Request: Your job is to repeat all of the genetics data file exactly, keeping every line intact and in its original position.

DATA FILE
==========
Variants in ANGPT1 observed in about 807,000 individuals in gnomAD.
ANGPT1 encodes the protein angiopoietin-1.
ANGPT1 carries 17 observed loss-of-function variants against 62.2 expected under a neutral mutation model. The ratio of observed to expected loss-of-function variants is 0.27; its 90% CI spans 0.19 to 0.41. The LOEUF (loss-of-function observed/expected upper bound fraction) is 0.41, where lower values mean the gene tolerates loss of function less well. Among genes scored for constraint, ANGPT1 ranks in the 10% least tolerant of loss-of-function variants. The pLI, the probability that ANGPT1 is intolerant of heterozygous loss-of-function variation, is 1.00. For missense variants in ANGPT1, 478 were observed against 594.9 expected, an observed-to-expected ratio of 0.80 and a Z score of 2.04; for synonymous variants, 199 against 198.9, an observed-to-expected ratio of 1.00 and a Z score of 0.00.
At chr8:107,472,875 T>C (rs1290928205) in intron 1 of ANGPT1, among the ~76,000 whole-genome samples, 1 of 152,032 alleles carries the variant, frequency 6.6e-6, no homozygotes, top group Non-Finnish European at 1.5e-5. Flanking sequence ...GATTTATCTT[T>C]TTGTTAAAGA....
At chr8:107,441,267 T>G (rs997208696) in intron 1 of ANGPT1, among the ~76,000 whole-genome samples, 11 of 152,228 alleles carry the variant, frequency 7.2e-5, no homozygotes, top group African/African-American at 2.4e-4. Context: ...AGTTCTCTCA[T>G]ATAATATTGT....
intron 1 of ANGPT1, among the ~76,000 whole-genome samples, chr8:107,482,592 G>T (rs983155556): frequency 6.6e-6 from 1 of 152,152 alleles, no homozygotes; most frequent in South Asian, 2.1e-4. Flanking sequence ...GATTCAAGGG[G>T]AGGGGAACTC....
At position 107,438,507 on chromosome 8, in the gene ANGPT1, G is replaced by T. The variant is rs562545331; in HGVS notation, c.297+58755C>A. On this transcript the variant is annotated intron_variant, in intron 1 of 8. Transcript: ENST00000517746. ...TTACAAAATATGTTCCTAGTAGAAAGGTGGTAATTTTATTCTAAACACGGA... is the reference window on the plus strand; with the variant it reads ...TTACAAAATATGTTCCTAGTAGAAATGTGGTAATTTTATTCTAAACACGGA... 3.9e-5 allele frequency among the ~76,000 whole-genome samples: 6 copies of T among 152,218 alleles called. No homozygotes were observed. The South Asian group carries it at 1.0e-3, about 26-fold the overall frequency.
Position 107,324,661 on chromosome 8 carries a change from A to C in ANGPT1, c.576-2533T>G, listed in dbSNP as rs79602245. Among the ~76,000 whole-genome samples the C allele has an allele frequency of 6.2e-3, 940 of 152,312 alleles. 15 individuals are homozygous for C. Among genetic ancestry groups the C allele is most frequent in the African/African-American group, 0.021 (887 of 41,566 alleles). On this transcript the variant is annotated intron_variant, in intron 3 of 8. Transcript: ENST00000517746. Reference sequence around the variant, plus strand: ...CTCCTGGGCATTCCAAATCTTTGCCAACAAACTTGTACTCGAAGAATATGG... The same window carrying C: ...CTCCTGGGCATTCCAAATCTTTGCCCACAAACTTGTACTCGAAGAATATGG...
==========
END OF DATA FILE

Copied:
Variants in ANGPT1 observed in about 807,000 individuals in gnomAD.
ANGPT1 encodes the protein angiopoietin-1.
ANGPT1 carries 17 observed loss-of-function variants against 62.2 expected under a neutral mutation model. The ratio of observed to expected loss-of-function variants is 0.27; its 90% CI spans 0.19 to 0.41. The LOEUF (loss-of-function observed/expected upper bound fraction) is 0.41, where lower values mean the gene tolerates loss of function less well. Among genes scored for constraint, ANGPT1 ranks in the 10% least tolerant of loss-of-function variants. The pLI, the probability that ANGPT1 is intolerant of heterozygous loss-of-function variation, is 1.00. For missense variants in ANGPT1, 478 were observed against 594.9 expected, an observed-to-expected ratio of 0.80 and a Z score of 2.04; for synonymous variants, 199 against 198.9, an observed-to-expected ratio of 1.00 and a Z score of 0.00.
At chr8:107,472,875 T>C (rs1290928205) in intron 1 of ANGPT1, among the ~76,000 whole-genome samples, 1 of 152,032 alleles carries the variant, frequency 6.6e-6, no homozygotes, top group Non-Finnish European at 1.5e-5. Flanking sequence ...GATTTATCTT[T>C]TTGTTAAAGA....
At chr8:107,441,267 T>G (rs997208696) in intron 1 of ANGPT1, among the ~76,000 whole-genome samples, 11 of 152,228 alleles carry the variant, frequency 7.2e-5, no homozygotes, top group African/African-American at 2.4e-4. Context: ...AGTTCTCTCA[T>G]ATAATATTGT....
intron 1 of ANGPT1, among the ~76,000 whole-genome samples, chr8:107,482,592 G>T (rs983155556): frequency 6.6e-6 from 1 of 152,152 alleles, no homozygotes; most frequent in South Asian, 2.1e-4. Flanking sequence ...GATTCAAGGG[G>T]AGGGGAACTC....
At position 107,438,507 on chromosome 8, in the gene ANGPT1, G is replaced by T. The variant is rs562545331; in HGVS notation, c.297+58755C>A. On this transcript the variant is annotated intron_variant, in intron 1 of 8. Transcript: ENST00000517746. ...TTACAAAATATGTTCCTAGTAGAAAGGTGGTAATTTTATTCTAAACACGGA... is the reference window on the plus strand; with the variant it reads ...TTACAAAATATGTTCCTAGTAGAAATGTGGTAATTTTATTCTAAACACGGA... 3.9e-5 allele frequency among the ~76,000 whole-genome samples: 6 copies of T among 152,218 alleles called. No homozygotes were observed. The South Asian group carries it at 1.0e-3, about 26-fold the overall frequency.
Position 107,324,661 on chromosome 8 carries a change from A to C in ANGPT1, c.576-2533T>G, listed in dbSNP as rs79602245. Among the ~76,000 whole-genome samples the C allele has an allele frequency of 6.2e-3, 940 of 152,312 alleles. 15 individuals are homozygous for C. Among genetic ancestry groups the C allele is most frequent in the African/African-American group, 0.021 (887 of 41,566 alleles). On this transcript the variant is annotated intron_variant, in intron 3 of 8. Transcript: ENST00000517746. Reference sequence around the variant, plus strand: ...CTCCTGGGCATTCCAAATCTTTGCCAACAAACTTGTACTCGAAGAATATGG... The same window carrying C: ...CTCCTGGGCATTCCAAATCTTTGCCCACAAACTTGTACTCGAAGAATATGG...